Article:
HP Branch Router Buyer's Guide - Page 2

 By Drew Robb
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Usage-based segmentation, he said, is divided up into basic connectivity (data connectivity and security), advanced connectivity (integrated services, compliance enablement) and high performance (high bandwidth connectivity, MPLS connectivity, WAN optimization, video traffic, T1/T3 connectivity).

Bhat highlights a couple of models within the HP lineup - one at the lower end and one nearer the top of the food chain. The MSR 900W is part of the MSR 900 series and has a list price of $500 to $800. The solution is targeted toward small branch offices or telecommuters. It has two Ethernet based WAN ports, LAN ports and 3G support.

The MSR 50-40 (MPU G2), part of the MSR 50 series, has a list price of $6,000 to $16,000. The solution, he said, represents the top-end of the branch router market and is designed for larger operations. It provides standards-based routing technology and is flexible due to its modular design.

Deployment Tips

HP advises users to consider several factors when selecting routers for branch offices. First up, Bhat said to think in futures. Not only do businesses need to consider their current bandwidth needs and packet processing capacity, they also must take into account future growth of the branch. In addition, branches have to consider whether or not they manage their bandwidth themselves or if they are managed by the service provider.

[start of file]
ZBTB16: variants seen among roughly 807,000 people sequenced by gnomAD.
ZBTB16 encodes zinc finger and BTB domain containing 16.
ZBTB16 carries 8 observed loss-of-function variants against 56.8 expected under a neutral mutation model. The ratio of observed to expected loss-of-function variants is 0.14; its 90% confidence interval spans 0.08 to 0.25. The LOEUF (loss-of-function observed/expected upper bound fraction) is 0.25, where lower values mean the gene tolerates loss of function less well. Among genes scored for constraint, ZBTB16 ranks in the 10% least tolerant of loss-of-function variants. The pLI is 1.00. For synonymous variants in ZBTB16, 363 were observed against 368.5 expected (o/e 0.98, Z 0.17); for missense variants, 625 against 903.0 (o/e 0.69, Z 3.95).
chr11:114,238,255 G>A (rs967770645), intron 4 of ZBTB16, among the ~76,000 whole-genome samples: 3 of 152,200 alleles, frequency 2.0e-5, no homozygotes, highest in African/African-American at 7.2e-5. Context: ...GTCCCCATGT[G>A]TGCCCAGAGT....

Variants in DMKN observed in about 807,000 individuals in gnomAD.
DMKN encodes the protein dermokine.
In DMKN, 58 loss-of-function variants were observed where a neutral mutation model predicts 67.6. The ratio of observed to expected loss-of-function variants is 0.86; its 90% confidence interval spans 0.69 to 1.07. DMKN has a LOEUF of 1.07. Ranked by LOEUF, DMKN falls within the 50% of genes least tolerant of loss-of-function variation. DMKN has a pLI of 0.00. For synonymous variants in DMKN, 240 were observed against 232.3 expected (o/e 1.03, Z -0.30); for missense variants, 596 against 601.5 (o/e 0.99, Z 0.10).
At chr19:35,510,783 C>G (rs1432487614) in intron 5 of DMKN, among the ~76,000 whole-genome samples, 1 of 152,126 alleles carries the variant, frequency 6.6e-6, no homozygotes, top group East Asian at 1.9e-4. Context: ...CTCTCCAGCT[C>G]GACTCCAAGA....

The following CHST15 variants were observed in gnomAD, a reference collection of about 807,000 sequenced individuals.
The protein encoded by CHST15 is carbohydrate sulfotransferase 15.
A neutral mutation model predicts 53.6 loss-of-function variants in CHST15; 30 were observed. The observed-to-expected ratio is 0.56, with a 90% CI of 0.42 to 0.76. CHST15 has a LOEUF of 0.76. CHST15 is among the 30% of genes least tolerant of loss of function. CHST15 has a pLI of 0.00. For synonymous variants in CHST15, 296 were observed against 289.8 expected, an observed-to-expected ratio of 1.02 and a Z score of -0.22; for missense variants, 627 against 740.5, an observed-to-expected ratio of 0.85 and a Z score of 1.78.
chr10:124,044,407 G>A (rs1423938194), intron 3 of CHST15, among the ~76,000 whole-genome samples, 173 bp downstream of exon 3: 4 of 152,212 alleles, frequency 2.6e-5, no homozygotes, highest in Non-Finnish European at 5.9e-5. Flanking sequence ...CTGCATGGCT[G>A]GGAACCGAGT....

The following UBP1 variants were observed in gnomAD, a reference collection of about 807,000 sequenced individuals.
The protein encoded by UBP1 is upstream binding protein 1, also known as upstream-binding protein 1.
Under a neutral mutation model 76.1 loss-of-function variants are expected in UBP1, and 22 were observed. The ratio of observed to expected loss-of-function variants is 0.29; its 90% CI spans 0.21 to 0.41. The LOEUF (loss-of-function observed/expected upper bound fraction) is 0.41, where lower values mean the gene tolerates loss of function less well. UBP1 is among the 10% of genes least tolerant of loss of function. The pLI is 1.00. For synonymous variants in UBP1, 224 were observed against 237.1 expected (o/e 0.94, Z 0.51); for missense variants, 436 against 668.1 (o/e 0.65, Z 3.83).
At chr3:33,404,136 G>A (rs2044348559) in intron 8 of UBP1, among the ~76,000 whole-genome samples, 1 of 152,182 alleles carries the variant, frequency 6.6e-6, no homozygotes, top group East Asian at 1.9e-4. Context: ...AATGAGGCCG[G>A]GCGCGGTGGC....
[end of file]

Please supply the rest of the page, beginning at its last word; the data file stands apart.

"Today, IT organizations are viewed more and more as a service brokers as opposed to the previous view of service providers," said Bhat. "The move to virtualization technology and cloud services has compelled this transformation within the networking arena."

Architectural considerations must also play a part in any buying decision. Network managers have to pay attention to the kind of services they currently deploy while taking the time to understand the kind of services they plan to deploy in the future. Enterprise connectivity, too, is important in this regard. For example, there may be a strict hierarchy of traffic flow that should be taken into account when designing a branch solution. This is typically solved via two common options: branch to regional HQ to corporate HQ or direct branch to branch communication.

How about security? These days, it is no longer sufficient to rely on perimeter security. Businesses have to incorporate access control, threat management, wired and wireless, intrusion prevention systems (IPS) and more.

"The need for multi-tiered security is even more important when the branch office buildings and data closets are shared with other tenants," said Bhat.

This article was originally published on May 21, 2011
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